Back to Katherine's Editorial Index

 

 

 

Katherine Albrecht, Ed. D.

www.katherinealbrecht.com

Writing by Hand Can  Save Your Brain

Fort Fairfield Journal, February 4, 2015

Way back when, when I used to tutor in college, I was a Spanish tutor and an algebra tutor and eventually a classroom teacher. Over the years I instructed many hundreds of students. One of the things if you want to learn Spanish is you have to memorize a whole lot of vocabulary. Now, I'll give you a tip because some of you I know have students or are students in your household and can benefit from this tip. I'm telling this to illustrate why writing by hand can save your brain. This is handwriting as opposed to typing into a keyboard.

If you want to memorize a whole string of stuff whether it's Spanish vocabulary, biology terms, or some other thing that you have to memorize for exams I have a simple memory exercise. Get yourself a spiral notebook take about five or six sheets and fold them so the edge of it touches the red line that runs down the edge of your paper. Take your five sheets, flip them over fold it back so that your touching that red line. When you unfold it and open up the notebook you'll have kind of a mountain. You don't want to have a valley you want to have a mountain. What you do now is write the words on the left hand side, skipping a line for each one. Put the term on the left hand side and put the definition on the right hand side. Now take your first sheet, fold it over and you have sheet one showing with all your words and the number two sheet is blank because what you're looking at is the sheet underneath of it which has nothing on it. So now, take a moment and fill in the ones you remember. You might only remember 20 percent. Then open up your check sheet and compare them to see how many you missed.

Now here's the thing that made me the most phenomenal tutor ever because I guaranteed students to get an A in any type of vocabulary class who did this. If you have an answer wrong, take a separate color pen and cross off the answer. Now there's a reason for this. The reason you want to cross off the answer is because you're engaging so many different parts of your brain when you do that. You're engaging your eyes because you're seeing a line going through the incorrect information. You're engaging your hand because your drawing the line and writing the correct information. If you say them out loud, then you can engage your mouth and your ears. The only thing you're not doing is tasting and smelling the words and if I could find a way to do that, I'd probably do that, too.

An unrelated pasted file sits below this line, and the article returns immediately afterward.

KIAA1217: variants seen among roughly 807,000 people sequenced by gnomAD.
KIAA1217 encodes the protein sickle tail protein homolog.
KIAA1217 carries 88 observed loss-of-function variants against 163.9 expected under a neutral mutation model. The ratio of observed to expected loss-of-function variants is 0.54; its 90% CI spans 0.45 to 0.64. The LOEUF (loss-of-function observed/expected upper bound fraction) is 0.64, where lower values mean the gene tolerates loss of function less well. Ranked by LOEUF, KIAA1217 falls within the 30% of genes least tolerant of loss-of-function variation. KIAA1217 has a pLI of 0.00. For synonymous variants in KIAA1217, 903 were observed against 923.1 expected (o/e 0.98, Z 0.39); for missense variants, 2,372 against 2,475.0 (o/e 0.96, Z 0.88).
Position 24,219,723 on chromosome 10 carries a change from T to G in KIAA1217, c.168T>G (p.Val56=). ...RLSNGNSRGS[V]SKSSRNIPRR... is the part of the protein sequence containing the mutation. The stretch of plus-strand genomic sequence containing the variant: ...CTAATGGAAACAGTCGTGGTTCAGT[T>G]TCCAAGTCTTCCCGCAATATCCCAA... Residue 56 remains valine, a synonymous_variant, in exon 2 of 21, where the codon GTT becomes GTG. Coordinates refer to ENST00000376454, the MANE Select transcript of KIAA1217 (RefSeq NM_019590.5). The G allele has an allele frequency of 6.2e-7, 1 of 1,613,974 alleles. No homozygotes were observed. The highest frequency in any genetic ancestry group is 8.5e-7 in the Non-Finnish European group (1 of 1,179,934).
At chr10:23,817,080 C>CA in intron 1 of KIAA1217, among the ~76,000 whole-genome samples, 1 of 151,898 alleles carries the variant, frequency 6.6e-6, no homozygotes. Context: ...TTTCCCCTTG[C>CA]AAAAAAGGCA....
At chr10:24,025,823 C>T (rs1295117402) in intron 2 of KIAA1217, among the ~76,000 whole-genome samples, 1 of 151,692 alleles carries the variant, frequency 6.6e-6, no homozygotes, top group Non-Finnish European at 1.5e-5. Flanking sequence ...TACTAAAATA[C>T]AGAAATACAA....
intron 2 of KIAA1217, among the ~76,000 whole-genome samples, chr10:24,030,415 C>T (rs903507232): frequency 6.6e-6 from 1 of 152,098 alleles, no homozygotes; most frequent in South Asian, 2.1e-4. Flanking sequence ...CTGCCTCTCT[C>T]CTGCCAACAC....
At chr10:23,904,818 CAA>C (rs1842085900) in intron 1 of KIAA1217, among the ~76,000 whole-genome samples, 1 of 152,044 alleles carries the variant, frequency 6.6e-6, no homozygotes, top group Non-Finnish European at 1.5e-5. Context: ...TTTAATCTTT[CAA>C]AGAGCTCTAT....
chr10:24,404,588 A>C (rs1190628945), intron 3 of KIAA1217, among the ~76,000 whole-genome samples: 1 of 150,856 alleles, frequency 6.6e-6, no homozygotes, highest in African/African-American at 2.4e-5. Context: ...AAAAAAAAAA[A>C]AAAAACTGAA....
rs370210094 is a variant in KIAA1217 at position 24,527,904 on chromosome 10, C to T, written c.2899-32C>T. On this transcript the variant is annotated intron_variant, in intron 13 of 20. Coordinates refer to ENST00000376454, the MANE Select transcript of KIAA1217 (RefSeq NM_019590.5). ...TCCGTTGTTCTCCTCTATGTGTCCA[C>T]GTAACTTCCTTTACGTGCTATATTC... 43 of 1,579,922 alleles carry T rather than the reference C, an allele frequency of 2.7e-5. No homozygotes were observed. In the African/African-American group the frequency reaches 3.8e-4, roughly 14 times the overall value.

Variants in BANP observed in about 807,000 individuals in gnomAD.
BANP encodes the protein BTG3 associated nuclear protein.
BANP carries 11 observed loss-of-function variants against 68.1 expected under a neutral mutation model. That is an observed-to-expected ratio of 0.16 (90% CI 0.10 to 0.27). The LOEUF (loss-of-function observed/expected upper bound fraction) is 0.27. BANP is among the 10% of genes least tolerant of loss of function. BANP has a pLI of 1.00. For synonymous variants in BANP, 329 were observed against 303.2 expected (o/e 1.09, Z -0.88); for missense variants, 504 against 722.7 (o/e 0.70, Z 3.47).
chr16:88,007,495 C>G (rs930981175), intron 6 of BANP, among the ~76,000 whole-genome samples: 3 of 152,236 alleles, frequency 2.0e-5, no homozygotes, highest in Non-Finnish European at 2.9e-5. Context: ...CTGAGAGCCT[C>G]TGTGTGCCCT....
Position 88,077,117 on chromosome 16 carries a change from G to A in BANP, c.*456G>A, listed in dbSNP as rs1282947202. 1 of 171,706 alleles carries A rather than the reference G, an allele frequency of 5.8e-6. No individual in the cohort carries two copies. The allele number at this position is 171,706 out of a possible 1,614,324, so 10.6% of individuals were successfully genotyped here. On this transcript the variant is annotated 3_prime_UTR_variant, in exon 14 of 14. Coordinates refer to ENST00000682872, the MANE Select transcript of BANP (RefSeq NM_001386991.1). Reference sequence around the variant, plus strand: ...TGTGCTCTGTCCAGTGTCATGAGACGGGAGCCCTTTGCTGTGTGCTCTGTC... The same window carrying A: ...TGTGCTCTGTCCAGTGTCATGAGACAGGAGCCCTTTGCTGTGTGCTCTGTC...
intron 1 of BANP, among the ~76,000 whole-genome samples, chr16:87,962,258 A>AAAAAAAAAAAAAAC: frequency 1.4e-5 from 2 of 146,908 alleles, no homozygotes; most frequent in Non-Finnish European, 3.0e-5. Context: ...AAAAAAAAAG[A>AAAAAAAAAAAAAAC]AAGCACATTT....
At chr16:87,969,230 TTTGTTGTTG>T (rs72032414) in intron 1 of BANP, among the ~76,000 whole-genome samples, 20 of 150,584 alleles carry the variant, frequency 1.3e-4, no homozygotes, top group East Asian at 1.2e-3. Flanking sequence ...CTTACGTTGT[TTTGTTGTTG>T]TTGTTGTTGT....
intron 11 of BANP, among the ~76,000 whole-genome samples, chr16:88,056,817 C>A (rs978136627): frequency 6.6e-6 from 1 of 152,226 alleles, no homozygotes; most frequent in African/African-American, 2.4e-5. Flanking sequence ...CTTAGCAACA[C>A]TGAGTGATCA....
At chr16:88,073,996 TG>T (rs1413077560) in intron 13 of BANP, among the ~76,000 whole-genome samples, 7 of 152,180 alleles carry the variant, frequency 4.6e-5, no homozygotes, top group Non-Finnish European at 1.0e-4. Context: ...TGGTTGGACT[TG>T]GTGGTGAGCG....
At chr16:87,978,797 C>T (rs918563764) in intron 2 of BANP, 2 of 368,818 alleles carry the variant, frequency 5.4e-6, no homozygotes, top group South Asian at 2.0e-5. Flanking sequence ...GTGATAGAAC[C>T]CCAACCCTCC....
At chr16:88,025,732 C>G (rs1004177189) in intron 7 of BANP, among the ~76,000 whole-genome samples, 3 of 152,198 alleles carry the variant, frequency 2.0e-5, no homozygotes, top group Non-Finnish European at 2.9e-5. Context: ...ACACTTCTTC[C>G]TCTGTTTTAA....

Obviously, once you've filled in section 2 with all the answers then fill in the left hand side of that blank second sheet. When you're done you can take it out, throw it away, do it again and again and again. At the end you will know exactly how you're going to score on that test because if you're getting a hundred percent of them right, you're going to get a hundred percent right on the test.

Studies have shown that if you write information out by hand, rather than just typing it into a keyboard, you're using more of the motor cortex of your brain and will have a better chance of retaining that information in long term memory. When you sit down with paper and pen, away from technology, you're likely to think outside the box in many more creative ways than when you be doing when sitting in front of the computer. Writing by hand also sharpens aging minds.

This is why when Google says they're going to get rid of those clunky human actions, like having to reach into your pocket and take out a phone and speak into it, I'm thinking, wait a minute I think we need more than just that. We need to actually pull out books and open them.

One of the things I don't like at my church lately is when they put the words to the hymns up on the screen, people are no longer reaching for their hymn books, opening them, thumbing the pages and reading the words on the page. There's really something to be said about engaging multiple facets of your body in something you're involved in. You're singing, you're holding, you're turning pages, you're reading, you're flipping, you're not just standing there parroting what's written up on the screen.

So, the more of yourself you can involve in memorizing any kind of information you need to memorize the better off you're going to be. The more of yourself you can involve in really doing anything in life the better off you're going to be. There, I just gave you hundreds of dollars worth of tutoring information for free.

 

 

 

 

This editorial was transcribed and adapted for print from a recent Katherine Albrecht radio program, by David Deschesne, with her permission.  Dr. Katherine Albrecht, Ed. D. is a syndicated radio talk show host on the Genesis Communication Network. Listen to her program live daily, or download her podcast for listening at any time at www.gcnlive.com Katherine’s website is:  www.katherinealbrecht.com